Delhi High Court allows the sale of allegedly infringing goods to balance equities and maintain public interest

Alkem Laboratories Ltd (Alkem) has approached the Delhi High Court seeking permission to sell the existing stock of the product ‘ALDIGESIC PAIN RELIEF’ pending the final case decision. Laborate Pharmaceuticals India Ltd (Laborate) alleged that Alkem’s product packaging of ‘ALDIGESIC’ product was similar to the product sold by them under the mark ‘LABDIC RELIEF’. The trial court granted an ex-parte injunction restraining Alkem from manufacturing, selling, or dealing in pharmaceutical preparations in packaging/trade dress, which had similar colour combination, get-up, design, etc., including the similarity in the blister packs in terms of colour combination, etc. 

Alkem, before the High Court, contended:

  1. Laborate obtained ex-parte injunction by suppressing material facts that Alkem is the prior registrant of its trademark ‘ALDIGESIC’ (word) as against Laborate’s registration for ‘LABDIC Relief’
  2. They have been using the trademark ‘ALDIGESIC’ since 2010 continuously and extensively.
  3. The packaging of the rival products is different. 
  4. The word ‘relief’ is generic and descriptive to pain relief tablets and common to trade, and no proprietary rights can vest in Laborate to its exclusive use.

Laborate in their counter stated:

  1. No appeal lies against the order passed by the trial court under its inherent powers under section 151 of the Code of Civil Procedure. 
  2. The ‘LABIDIC Relief’ mark is registered, and they own the copyright in the distinctive packaging. 
  3. Alkem’s impugned product packaged and sold in deceptively similar trade dress/product packaging amounts infringement and passing off. 
  4. Confusion is imminent considering the identical nature of the products, trade channels, and customers. 
  5. Permission to sell the impugned products would amount to selling infringing goods in the market.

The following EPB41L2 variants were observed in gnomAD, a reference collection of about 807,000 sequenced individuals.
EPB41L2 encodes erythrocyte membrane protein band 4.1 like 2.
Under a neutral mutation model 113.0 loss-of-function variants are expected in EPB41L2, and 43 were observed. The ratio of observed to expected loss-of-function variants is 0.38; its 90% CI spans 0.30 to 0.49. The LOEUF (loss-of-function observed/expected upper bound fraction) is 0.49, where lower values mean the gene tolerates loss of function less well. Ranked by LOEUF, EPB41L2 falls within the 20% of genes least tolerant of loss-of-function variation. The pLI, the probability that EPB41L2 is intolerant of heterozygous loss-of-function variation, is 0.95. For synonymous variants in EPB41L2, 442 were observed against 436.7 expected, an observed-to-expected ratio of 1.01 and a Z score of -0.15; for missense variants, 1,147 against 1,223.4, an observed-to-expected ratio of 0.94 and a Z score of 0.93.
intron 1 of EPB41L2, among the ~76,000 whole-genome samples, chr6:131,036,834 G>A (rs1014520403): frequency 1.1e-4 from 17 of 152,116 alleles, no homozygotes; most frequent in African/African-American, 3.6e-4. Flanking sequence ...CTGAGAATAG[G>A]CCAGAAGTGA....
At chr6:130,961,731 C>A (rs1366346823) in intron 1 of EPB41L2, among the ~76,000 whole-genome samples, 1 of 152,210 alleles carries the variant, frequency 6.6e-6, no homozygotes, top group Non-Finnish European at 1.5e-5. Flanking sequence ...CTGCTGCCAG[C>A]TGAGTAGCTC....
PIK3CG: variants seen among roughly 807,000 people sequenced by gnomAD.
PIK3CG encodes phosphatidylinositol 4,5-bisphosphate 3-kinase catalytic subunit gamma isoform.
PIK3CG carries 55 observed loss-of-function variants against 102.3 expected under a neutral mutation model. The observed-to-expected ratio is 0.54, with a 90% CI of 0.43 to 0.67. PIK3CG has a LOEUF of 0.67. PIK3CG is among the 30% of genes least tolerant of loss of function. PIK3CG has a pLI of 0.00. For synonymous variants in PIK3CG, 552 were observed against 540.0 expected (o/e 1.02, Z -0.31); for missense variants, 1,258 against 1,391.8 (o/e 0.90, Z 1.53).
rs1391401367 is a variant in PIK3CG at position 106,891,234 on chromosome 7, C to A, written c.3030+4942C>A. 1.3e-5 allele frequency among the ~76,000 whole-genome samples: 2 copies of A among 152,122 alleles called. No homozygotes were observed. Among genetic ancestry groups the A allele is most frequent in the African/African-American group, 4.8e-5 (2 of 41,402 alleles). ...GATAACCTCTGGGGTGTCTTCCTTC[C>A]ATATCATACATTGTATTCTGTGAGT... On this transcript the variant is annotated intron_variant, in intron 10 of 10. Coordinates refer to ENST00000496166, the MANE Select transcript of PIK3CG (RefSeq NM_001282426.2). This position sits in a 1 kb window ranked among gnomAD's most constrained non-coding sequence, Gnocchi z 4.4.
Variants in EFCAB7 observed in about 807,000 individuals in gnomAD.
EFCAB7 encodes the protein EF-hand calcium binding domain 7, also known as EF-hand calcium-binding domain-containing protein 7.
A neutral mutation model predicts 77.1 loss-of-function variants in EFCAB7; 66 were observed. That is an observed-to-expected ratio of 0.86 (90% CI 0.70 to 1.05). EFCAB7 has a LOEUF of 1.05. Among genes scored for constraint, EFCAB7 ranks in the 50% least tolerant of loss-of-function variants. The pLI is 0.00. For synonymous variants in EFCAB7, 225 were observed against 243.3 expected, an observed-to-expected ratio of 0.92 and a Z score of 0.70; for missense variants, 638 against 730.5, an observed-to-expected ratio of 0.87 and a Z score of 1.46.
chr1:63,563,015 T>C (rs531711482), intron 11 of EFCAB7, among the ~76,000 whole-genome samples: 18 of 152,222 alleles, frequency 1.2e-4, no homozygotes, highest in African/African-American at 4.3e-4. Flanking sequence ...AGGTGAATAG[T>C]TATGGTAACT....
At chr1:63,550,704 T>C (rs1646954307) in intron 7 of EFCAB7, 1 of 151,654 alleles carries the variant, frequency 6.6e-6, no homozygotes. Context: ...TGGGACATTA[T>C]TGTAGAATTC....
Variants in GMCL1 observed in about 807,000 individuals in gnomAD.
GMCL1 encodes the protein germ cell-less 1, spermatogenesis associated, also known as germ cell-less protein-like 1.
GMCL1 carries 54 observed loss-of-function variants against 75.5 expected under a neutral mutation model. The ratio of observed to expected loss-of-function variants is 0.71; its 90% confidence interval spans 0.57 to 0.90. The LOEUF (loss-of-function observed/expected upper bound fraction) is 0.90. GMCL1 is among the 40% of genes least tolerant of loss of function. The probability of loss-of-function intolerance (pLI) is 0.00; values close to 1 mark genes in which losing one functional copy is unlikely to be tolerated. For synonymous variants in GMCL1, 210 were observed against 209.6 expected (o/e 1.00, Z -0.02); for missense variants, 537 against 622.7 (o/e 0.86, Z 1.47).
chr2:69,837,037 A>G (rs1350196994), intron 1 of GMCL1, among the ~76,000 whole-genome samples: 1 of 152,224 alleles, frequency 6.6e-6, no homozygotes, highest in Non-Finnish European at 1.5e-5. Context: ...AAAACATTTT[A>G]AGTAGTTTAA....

High Court’s observations:

  1. The court while dismissing the technical objection that Appeal qua return of goods is not maintainable, held that Alkem’s prayer to sell the existing stock was decided as part of the application to set aside the injunction. Therefore, the objection has no merit and cannot be sustained.  
  2. Admittedly, the application seeking vacation/setting aside the injunction order is pending consideration before the trial court. Thus, the High court is not expected to go into the merits of the case. 
  3. Alkem’s limited prayer is to allow them to sell the existing stock of the ‘ALDIGESIC Pain Relief’ worth Rs. 90 lacs (approx. USD 113,994) without prejudice to contentions between the parties before the trial court. Admittedly, the impugned product is a pain reliever sold under Doctor’s prescription, being a Schedule ‘H’ drug.
  4. Without going into the merits of the rival claims, the High Court took the view that the balance of equities would be maintained if Alkem was permitted to sell the existing stock, which is worth Rs. 90 lakhs (approx. USD 113,994). The court considered the product in question was a Schedule H drug (to be sold on prescription of a medical practitioner). Furthermore, there was no dispute on the quality of the impugned product. 
  5. The court referred to Judicial precedents and remarked that even in matters relating to pharmaceutical products, Courts have been holding that in some instances, a prima facie case or even a strong case of infringement in favour of one party can be off-set by an interim arrangement. The purpose is to balance the equities between the parties and maintain public interest. Therefore, Alkem was granted permission to sell the existing stock, subject to maintaining a sales record for computing a claim of damages, if Laborate was to succeed finally.

In view of the above, High Court modified the trial court’s order and allowed Alkem to sell the existing stock of ‘ALDIGESIC Pain Relief’ product pending disposal of the suit. The High Court also directed Alkem:

  • to file an affidavit detailing the existing stock of the product in question along with the total value of the stock as well as an undertaking that it shall only exhaust the existing stock till any further order by the trial court in its favour; and
  • entire account of sales of the existing stock sold from various locations, with dates of sales, shall be filed on record of the trial court. 

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